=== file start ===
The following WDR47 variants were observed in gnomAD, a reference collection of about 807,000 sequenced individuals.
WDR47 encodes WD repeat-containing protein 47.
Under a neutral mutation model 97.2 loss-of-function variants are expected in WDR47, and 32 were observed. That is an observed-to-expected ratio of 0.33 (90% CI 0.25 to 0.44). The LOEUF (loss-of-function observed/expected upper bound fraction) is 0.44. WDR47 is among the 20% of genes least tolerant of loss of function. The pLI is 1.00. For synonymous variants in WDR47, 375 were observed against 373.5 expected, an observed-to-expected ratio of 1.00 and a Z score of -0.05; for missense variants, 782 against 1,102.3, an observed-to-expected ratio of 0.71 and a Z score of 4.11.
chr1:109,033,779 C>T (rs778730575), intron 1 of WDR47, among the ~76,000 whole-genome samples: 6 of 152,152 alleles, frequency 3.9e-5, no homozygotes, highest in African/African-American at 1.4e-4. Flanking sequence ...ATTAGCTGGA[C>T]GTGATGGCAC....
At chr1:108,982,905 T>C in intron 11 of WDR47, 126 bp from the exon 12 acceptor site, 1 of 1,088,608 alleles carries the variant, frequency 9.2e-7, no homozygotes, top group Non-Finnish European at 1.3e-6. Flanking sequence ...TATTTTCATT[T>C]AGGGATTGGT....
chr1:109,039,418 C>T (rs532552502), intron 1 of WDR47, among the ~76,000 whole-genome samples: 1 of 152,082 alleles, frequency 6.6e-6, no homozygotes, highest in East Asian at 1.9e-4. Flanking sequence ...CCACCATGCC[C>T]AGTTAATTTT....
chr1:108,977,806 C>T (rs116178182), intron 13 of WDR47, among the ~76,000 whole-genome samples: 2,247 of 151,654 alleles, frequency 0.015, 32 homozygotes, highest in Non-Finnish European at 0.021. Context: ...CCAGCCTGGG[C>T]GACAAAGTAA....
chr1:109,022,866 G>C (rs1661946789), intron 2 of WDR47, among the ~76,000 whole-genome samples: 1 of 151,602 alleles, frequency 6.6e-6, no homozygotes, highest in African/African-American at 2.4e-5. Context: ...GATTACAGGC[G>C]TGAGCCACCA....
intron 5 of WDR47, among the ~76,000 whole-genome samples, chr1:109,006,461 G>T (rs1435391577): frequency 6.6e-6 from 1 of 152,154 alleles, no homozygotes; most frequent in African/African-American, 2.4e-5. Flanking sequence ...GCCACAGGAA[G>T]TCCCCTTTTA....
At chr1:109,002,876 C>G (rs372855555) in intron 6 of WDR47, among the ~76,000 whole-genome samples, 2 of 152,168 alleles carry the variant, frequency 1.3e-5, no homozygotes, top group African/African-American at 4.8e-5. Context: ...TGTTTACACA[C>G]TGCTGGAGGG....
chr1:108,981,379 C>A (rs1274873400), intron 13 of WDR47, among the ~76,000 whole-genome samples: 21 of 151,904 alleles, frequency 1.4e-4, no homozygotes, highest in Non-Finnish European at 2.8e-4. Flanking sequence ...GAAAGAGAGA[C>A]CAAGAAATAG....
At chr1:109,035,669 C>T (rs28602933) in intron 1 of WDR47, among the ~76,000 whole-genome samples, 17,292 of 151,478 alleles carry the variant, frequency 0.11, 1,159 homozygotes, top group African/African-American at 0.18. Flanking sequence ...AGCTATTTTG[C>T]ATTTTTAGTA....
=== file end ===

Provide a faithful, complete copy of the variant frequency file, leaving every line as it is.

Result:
The following WDR47 variants were observed in gnomAD, a reference collection of about 807,000 sequenced individuals.
WDR47 encodes WD repeat-containing protein 47.
Under a neutral mutation model 97.2 loss-of-function variants are expected in WDR47, and 32 were observed. That is an observed-to-expected ratio of 0.33 (90% CI 0.25 to 0.44). The LOEUF (loss-of-function observed/expected upper bound fraction) is 0.44. WDR47 is among the 20% of genes least tolerant of loss of function. The pLI is 1.00. For synonymous variants in WDR47, 375 were observed against 373.5 expected, an observed-to-expected ratio of 1.00 and a Z score of -0.05; for missense variants, 782 against 1,102.3, an observed-to-expected ratio of 0.71 and a Z score of 4.11.
chr1:109,033,779 C>T (rs778730575), intron 1 of WDR47, among the ~76,000 whole-genome samples: 6 of 152,152 alleles, frequency 3.9e-5, no homozygotes, highest in African/African-American at 1.4e-4. Flanking sequence ...ATTAGCTGGA[C>T]GTGATGGCAC....
At chr1:108,982,905 T>C in intron 11 of WDR47, 126 bp from the exon 12 acceptor site, 1 of 1,088,608 alleles carries the variant, frequency 9.2e-7, no homozygotes, top group Non-Finnish European at 1.3e-6. Flanking sequence ...TATTTTCATT[T>C]AGGGATTGGT....
chr1:109,039,418 C>T (rs532552502), intron 1 of WDR47, among the ~76,000 whole-genome samples: 1 of 152,082 alleles, frequency 6.6e-6, no homozygotes, highest in East Asian at 1.9e-4. Flanking sequence ...CCACCATGCC[C>T]AGTTAATTTT....
chr1:108,977,806 C>T (rs116178182), intron 13 of WDR47, among the ~76,000 whole-genome samples: 2,247 of 151,654 alleles, frequency 0.015, 32 homozygotes, highest in Non-Finnish European at 0.021. Context: ...CCAGCCTGGG[C>T]GACAAAGTAA....
chr1:109,022,866 G>C (rs1661946789), intron 2 of WDR47, among the ~76,000 whole-genome samples: 1 of 151,602 alleles, frequency 6.6e-6, no homozygotes, highest in African/African-American at 2.4e-5. Context: ...GATTACAGGC[G>C]TGAGCCACCA....
intron 5 of WDR47, among the ~76,000 whole-genome samples, chr1:109,006,461 G>T (rs1435391577): frequency 6.6e-6 from 1 of 152,154 alleles, no homozygotes; most frequent in African/African-American, 2.4e-5. Flanking sequence ...GCCACAGGAA[G>T]TCCCCTTTTA....
At chr1:109,002,876 C>G (rs372855555) in intron 6 of WDR47, among the ~76,000 whole-genome samples, 2 of 152,168 alleles carry the variant, frequency 1.3e-5, no homozygotes, top group African/African-American at 4.8e-5. Context: ...TGTTTACACA[C>G]TGCTGGAGGG....
chr1:108,981,379 C>A (rs1274873400), intron 13 of WDR47, among the ~76,000 whole-genome samples: 21 of 151,904 alleles, frequency 1.4e-4, no homozygotes, highest in Non-Finnish European at 2.8e-4. Flanking sequence ...GAAAGAGAGA[C>A]CAAGAAATAG....
At chr1:109,035,669 C>T (rs28602933) in intron 1 of WDR47, among the ~76,000 whole-genome samples, 17,292 of 151,478 alleles carry the variant, frequency 0.11, 1,159 homozygotes, top group African/African-American at 0.18. Flanking sequence ...AGCTATTTTG[C>T]ATTTTTAGTA....